Freaks, Geeks & Stick Figures
Or something like that.
Director Thor Freudenthal, just as in his recent Hotel For Dogs, jumps immediately into the action of Greg's humiliating world and attempts to really get inside these kids' heads. Generally speaking, the story competently deals with middle school as a purgatorial holding tank filled with same-aged adolescents that physically develop at vastly different rates. Yet, for whatever reason, it took four screenwriters to identify with the middle-school experience that most adults recall as an undisputed low period of life. This subject matter is pretty universal stuff: the boys are short; the gym uniforms are atrocious; the lunch tables are a source of much anxiety; and, even worse, former elementary school confidantes suddenly divide themselves into cliques. While no sane adult relishes the thought of reliving these years, the books appear to commiserate with those tweeners who are currently or about to experience the pain for themselves, and Kinney's antihero supplies a sardonic outlook that arms its readers with the reassurance that they're not alone in this phase. Unfortunately, much of the wit of movie's semi-literary origins has been lost in the live-action translation to the big screen. The filmmakers rely far too much on gross-out humor and fail to extend the characters beyond their stick-figure confines; as a result, the real-life actors don't portray themselves as anyone to root for or even care about, so any lessons supposedly learned tend to ring false.
Essentially, Wimpy Kid is only slightly better than its trailers ("Wanna see my secret freckle? It's got a hair in it!") would suggest, and it's sort of like "The Wonder Years" with much less charm and no sense of nostalgia. Unlike the young Fred Savage, actor Zachary Gordon doesn't make us feel for Greg, who isn't so much an anguished soul trapped in a short kid's body but, instead, a conceited, opportunistic, and unfeeling prick with an inexplicably inflated sense of self worth. At home, Greg has a sadistic older brother Rodrick (Devon Bostick) and inattentive parents Susan (Rachael Harris) and Frank Heffley (Steve Zahn, nooooo) who are portrayed as idiots. At school, fellow outcasts Fregley (Grayson Russell) and Rowley (Robert Capron) are company; the latter is Greg's best friend from grade school, who is suddenly a huge embarrassment with a girly bike, rotund body, and innocent way of shouting, "Do you want to come over and play?" Within our antihero's misguided search of cool, the perpetually clueless Rowley is suddenly everything that Greg doesn't want to be, so he mercilessly rids himself of what he considers to be far too much dead weight upon his potential popularity. Yet, Greg doesn't even deserve a friend like Rowley, who actually earns more cool points by genuinely not caring what anyone thinks and, as such, is the only character of the movie that moves beyond mere caricature.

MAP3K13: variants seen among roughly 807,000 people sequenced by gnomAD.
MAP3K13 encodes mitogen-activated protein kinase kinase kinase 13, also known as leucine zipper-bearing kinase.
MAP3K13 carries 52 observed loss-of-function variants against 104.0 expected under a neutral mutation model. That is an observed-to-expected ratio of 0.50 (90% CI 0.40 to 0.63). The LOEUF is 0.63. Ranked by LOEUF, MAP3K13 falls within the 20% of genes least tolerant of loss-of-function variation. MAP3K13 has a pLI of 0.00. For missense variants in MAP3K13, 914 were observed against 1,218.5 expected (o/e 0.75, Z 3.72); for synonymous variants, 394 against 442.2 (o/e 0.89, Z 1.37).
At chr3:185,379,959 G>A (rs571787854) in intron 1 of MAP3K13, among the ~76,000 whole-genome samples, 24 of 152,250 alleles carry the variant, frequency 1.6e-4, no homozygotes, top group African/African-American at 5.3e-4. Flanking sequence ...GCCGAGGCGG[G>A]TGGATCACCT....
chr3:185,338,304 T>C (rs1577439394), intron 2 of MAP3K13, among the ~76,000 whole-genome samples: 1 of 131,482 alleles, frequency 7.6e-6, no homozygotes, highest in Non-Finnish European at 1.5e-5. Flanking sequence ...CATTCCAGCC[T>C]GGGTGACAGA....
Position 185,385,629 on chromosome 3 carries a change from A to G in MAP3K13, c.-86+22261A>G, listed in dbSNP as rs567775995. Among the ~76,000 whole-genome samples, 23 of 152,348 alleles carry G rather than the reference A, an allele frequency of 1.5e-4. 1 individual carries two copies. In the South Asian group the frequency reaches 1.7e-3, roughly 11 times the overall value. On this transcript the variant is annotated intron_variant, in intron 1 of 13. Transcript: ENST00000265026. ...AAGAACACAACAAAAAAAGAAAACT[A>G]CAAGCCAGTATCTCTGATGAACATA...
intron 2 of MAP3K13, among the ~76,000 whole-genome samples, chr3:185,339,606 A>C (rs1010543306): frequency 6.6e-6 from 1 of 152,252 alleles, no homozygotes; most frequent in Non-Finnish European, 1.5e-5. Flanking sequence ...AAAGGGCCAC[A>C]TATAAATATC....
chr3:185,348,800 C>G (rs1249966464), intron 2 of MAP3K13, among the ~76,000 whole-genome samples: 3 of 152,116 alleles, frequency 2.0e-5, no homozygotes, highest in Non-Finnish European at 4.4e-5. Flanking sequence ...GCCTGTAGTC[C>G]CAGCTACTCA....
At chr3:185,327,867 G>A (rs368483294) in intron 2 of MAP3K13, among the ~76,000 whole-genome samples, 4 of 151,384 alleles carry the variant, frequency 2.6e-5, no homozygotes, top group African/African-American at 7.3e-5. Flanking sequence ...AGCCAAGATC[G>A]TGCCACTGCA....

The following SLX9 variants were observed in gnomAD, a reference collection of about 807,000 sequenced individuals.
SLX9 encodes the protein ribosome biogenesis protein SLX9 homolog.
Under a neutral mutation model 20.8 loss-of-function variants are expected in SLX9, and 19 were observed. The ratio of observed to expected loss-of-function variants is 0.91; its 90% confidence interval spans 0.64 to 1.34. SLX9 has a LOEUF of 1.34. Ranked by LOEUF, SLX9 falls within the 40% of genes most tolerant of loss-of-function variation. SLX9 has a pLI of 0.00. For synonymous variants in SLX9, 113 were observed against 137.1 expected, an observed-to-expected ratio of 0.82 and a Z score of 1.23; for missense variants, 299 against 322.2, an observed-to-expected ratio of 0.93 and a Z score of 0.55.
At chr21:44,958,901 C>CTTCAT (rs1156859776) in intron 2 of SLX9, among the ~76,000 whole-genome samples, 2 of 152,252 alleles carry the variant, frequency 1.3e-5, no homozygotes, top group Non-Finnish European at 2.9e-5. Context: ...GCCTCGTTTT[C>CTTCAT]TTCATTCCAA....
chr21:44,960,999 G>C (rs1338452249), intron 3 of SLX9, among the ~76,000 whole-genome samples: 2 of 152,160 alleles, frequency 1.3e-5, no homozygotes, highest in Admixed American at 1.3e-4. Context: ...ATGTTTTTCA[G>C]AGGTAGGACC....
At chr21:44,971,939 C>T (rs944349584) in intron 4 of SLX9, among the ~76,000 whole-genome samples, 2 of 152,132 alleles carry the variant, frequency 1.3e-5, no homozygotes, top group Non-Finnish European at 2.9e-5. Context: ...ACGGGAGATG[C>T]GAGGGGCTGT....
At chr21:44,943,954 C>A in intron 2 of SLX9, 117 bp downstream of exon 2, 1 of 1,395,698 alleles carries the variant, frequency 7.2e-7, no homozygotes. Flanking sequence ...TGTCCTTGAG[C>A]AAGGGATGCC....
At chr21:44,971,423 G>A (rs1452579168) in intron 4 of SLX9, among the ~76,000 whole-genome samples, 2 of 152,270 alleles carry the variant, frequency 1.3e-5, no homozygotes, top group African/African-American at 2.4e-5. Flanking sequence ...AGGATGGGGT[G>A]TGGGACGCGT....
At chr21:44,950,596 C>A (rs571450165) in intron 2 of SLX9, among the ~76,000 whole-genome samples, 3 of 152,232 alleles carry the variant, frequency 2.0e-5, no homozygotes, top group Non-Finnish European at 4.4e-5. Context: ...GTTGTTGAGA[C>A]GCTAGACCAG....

Likewise, many of the movie's scenarios aren't all that believable, including the massive slice of swiss cheese that's permanently affixed to the basketball court and a feared source of "nuclear cooties" for anyone who makes physical contact. One gets the feeling that this cheese is supposed to evoke the same tenor as the notorious frozen pole of A Christmas Story, but the sentiment gets muddled by seemingly spastic filmmakers who generally revert to an extended series of pratfalls and ritual humiliations. Then, the errant screenwriters do the predictable thing by quickly setting up conflict between the main characters. So, Greg dumps Rowley and sets off in search of instant popularity; later, the writers cue the falsely emotional humility and requisite feel-good resolution for a movie that otherwise would have no purpose but to temporarily amuse the kiddies. Speaking of which, my own daughter was moderately entertained but still not thrilled to watch an adaptation of "those boy books." This is yet another example of where the screenwriters dropped the ball, for even though they realized the limitations of a boy-based audience and duly introduced a female character, Angie Steadman (Chloe Moretz), this girl doesn't do much except try to be friends with Greg, who just isn't that into her. As such, the opportunity to reel in a female audience for future installments has been missed. While it remains to be seen whether or not the box office will justify making a full-blown franchise out of Kinney's four-soon-to-be-five book series, rest assured that Wimpy Kid: Full Throttle is likely already in the works.
Agent Bedhead lives in Tulsa, Oklahoma. She and her little black heart can be found at agentbedhead.com.
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